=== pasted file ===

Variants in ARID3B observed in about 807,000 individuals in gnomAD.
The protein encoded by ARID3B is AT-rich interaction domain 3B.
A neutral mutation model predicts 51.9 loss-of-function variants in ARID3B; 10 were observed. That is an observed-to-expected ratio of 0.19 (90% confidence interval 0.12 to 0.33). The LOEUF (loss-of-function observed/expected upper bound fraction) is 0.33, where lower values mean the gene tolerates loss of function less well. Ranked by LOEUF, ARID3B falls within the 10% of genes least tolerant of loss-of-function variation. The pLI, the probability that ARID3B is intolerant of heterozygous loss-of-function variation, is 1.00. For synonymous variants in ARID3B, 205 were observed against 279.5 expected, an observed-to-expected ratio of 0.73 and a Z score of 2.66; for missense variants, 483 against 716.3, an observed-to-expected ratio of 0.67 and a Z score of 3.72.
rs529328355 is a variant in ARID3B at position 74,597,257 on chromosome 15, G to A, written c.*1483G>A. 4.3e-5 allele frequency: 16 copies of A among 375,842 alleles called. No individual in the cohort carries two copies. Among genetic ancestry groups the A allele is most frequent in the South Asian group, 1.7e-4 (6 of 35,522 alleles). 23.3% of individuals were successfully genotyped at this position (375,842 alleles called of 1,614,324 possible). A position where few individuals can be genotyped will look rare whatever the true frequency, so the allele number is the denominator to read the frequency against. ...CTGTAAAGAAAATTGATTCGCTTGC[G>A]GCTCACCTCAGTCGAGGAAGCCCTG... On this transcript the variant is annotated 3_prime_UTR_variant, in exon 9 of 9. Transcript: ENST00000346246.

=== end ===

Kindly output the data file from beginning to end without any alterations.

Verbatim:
Variants in ARID3B observed in about 807,000 individuals in gnomAD.
The protein encoded by ARID3B is AT-rich interaction domain 3B.
A neutral mutation model predicts 51.9 loss-of-function variants in ARID3B; 10 were observed. That is an observed-to-expected ratio of 0.19 (90% confidence interval 0.12 to 0.33). The LOEUF (loss-of-function observed/expected upper bound fraction) is 0.33, where lower values mean the gene tolerates loss of function less well. Ranked by LOEUF, ARID3B falls within the 10% of genes least tolerant of loss-of-function variation. The pLI, the probability that ARID3B is intolerant of heterozygous loss-of-function variation, is 1.00. For synonymous variants in ARID3B, 205 were observed against 279.5 expected, an observed-to-expected ratio of 0.73 and a Z score of 2.66; for missense variants, 483 against 716.3, an observed-to-expected ratio of 0.67 and a Z score of 3.72.
rs529328355 is a variant in ARID3B at position 74,597,257 on chromosome 15, G to A, written c.*1483G>A. 4.3e-5 allele frequency: 16 copies of A among 375,842 alleles called. No individual in the cohort carries two copies. Among genetic ancestry groups the A allele is most frequent in the South Asian group, 1.7e-4 (6 of 35,522 alleles). 23.3% of individuals were successfully genotyped at this position (375,842 alleles called of 1,614,324 possible). A position where few individuals can be genotyped will look rare whatever the true frequency, so the allele number is the denominator to read the frequency against. ...CTGTAAAGAAAATTGATTCGCTTGC[G>A]GCTCACCTCAGTCGAGGAAGCCCTG... On this transcript the variant is annotated 3_prime_UTR_variant, in exon 9 of 9. Transcript: ENST00000346246.